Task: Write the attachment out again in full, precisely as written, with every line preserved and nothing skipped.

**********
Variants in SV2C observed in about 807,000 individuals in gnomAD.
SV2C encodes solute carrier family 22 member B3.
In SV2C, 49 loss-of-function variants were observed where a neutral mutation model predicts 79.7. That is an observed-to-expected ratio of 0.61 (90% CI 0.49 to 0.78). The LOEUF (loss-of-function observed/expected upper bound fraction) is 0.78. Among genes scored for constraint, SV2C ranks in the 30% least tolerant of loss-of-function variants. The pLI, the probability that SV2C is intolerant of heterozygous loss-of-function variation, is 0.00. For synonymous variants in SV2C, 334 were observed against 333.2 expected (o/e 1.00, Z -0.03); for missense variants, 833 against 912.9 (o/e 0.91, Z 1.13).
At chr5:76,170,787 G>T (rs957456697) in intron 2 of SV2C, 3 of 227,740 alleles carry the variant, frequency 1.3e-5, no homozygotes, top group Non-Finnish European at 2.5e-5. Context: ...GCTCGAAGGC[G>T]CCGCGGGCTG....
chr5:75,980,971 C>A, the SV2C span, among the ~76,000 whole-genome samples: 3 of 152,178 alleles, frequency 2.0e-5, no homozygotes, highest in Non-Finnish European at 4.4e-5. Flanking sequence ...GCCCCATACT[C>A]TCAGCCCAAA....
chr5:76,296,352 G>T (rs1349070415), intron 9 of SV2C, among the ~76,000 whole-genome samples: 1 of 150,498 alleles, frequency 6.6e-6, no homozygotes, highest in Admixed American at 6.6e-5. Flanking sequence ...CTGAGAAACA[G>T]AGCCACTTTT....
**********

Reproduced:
Variants in SV2C observed in about 807,000 individuals in gnomAD.
SV2C encodes solute carrier family 22 member B3.
In SV2C, 49 loss-of-function variants were observed where a neutral mutation model predicts 79.7. That is an observed-to-expected ratio of 0.61 (90% CI 0.49 to 0.78). The LOEUF (loss-of-function observed/expected upper bound fraction) is 0.78. Among genes scored for constraint, SV2C ranks in the 30% least tolerant of loss-of-function variants. The pLI, the probability that SV2C is intolerant of heterozygous loss-of-function variation, is 0.00. For synonymous variants in SV2C, 334 were observed against 333.2 expected (o/e 1.00, Z -0.03); for missense variants, 833 against 912.9 (o/e 0.91, Z 1.13).
At chr5:76,170,787 G>T (rs957456697) in intron 2 of SV2C, 3 of 227,740 alleles carry the variant, frequency 1.3e-5, no homozygotes, top group Non-Finnish European at 2.5e-5. Context: ...GCTCGAAGGC[G>T]CCGCGGGCTG....
chr5:75,980,971 C>A, the SV2C span, among the ~76,000 whole-genome samples: 3 of 152,178 alleles, frequency 2.0e-5, no homozygotes, highest in Non-Finnish European at 4.4e-5. Flanking sequence ...GCCCCATACT[C>A]TCAGCCCAAA....
chr5:76,296,352 G>T (rs1349070415), intron 9 of SV2C, among the ~76,000 whole-genome samples: 1 of 150,498 alleles, frequency 6.6e-6, no homozygotes, highest in Admixed American at 6.6e-5. Flanking sequence ...CTGAGAAACA[G>T]AGCCACTTTT....